Our tax code has a giant loophole, and it’s getting bigger every day. Internet sales are growing, but sellers don’t have to collect state sales taxes, leaving it up to consumers to tax themselves.

This is a problem for the 45 states including Maine that have statewide sales taxes — a problem that collectively costs states billions of dollars every year that should be going to pay for roads, schools and health care. Several states, also including Maine, have passed laws requiring online businesses that do business in the state to collect the tax, just as local retailers have to, but the statute is difficult to enforce.

This is a problem that cries out for a federal solution, and Congress should act.

Internet retail sales have been growing explosively, and that trend is expected to accelerate as consumers who have lived their entire lives with the Internet get into their prime buying years. U.S. online sales are projected to grow from $263 billion last year to $414 billion in 2018, according to industry analysts. That’s bad news for states, which will have to find other ways to make up the lost revenue, and it’s bad news for brick-and-mortar businesses that have to compete for customers.

Internet businesses have enough built-in advantages over real-world stores. They don’t need an automatic discount that comes in the form of tax-free sales.

If this unfair situation continues, it may lead retailers to close stores and some national chains to become online-only businesses, which would not be good for communities.

Stores do much more than sell merchandise. They buy or lease real estate, making them local property tax payers. They hire people who live in the community and spend their wages locally. Some of the biggest employers in the country are retail businesses. These companies don’t need a federal bailout, but they shouldn’t have to compete at a disadvantage, either.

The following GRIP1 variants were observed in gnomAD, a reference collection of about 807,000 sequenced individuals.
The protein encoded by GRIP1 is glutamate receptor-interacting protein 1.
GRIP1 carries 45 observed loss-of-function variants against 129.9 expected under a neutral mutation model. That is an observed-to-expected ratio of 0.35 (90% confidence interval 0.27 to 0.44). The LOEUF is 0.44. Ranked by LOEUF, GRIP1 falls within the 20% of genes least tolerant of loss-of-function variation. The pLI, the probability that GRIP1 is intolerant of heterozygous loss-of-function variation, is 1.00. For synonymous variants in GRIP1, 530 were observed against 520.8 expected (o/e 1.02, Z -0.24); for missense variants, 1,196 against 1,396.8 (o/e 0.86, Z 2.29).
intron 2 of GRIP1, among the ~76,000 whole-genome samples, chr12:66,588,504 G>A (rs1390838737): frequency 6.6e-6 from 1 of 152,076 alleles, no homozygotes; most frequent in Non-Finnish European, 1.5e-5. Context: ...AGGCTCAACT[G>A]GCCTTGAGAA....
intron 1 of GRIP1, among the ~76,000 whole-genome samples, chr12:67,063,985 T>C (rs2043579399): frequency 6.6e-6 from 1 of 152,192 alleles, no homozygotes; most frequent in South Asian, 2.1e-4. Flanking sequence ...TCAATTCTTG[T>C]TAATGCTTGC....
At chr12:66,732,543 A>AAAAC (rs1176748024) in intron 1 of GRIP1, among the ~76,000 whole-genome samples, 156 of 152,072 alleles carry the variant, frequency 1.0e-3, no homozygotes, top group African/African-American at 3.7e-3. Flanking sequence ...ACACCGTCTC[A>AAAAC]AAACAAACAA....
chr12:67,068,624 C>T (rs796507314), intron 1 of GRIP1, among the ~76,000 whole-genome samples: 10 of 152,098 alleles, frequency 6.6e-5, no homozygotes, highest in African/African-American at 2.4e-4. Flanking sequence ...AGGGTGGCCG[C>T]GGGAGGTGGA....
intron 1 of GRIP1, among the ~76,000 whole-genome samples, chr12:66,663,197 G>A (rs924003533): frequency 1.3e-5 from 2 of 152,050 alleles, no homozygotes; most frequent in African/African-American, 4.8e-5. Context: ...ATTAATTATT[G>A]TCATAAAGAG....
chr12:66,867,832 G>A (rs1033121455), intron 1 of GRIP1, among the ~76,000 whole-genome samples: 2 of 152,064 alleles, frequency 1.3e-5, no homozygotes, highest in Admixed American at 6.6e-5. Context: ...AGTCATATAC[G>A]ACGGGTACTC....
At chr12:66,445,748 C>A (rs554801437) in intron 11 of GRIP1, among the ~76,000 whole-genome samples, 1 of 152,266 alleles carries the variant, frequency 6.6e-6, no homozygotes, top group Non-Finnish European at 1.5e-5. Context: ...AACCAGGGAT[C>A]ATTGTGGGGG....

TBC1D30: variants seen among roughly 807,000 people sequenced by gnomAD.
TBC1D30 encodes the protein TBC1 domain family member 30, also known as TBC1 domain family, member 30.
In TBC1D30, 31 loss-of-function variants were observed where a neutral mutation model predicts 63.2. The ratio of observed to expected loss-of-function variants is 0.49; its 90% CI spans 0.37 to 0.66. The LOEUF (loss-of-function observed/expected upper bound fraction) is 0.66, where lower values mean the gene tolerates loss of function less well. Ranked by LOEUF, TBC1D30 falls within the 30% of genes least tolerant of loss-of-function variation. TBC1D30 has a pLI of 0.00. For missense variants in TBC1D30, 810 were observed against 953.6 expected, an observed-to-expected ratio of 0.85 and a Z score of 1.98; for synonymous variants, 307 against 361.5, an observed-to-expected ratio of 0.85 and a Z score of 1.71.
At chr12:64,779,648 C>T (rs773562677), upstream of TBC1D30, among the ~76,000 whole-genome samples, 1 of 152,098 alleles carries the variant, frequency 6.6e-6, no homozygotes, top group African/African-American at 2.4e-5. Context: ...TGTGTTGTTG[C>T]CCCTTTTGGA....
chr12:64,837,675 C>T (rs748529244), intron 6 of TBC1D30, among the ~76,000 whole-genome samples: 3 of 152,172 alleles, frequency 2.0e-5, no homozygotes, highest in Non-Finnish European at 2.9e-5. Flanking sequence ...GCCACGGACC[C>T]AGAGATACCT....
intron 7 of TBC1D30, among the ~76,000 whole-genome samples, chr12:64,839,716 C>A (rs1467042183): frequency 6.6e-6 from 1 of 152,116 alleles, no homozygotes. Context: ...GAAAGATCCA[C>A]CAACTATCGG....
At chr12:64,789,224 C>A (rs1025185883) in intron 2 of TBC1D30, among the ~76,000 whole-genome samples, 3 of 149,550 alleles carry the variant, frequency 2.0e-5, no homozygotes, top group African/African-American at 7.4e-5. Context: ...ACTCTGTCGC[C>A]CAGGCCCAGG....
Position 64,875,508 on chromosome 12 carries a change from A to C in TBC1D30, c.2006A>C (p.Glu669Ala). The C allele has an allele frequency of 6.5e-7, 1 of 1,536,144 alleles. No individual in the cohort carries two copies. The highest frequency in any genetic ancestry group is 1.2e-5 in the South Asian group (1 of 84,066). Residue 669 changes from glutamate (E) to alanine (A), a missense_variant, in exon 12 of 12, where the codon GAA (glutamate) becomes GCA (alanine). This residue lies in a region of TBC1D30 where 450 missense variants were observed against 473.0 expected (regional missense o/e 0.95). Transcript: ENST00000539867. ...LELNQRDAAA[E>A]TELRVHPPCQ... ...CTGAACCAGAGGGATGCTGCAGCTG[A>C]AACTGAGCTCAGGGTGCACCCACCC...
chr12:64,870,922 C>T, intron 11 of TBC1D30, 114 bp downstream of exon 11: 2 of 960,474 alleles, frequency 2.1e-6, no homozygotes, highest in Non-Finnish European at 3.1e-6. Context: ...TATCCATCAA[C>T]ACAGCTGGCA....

It’s important to stress that the change needed is not a new tax or tax increase. It’s simply enforcing existing laws so that states can collect the tax revenue that’s legitimately due them. This is a matter of maintaining equity between different businesses and ensuring that state services get adequate support.

The concept of requiring Internet sellers to collect sales taxes has been broadly popular across party lines. Maine’s bill passed the Democratically controlled Legislature nearly unanimously in 2013 and was signed by Gov. Paul LePage.

Republican leaders in the U.S. House of Representatives, however, blocked a vote on a federal tax collection requirement bill. With about a week left in the year for the current Congress, however, there is still time to act.

The Internet is changing the way Americans shop, and our laws should be brought up to date. During the busiest shopping days of the year, lawmakers should consider passing a law that will help important businesses throughout the country and help states collect the revenue to which they are entitled.

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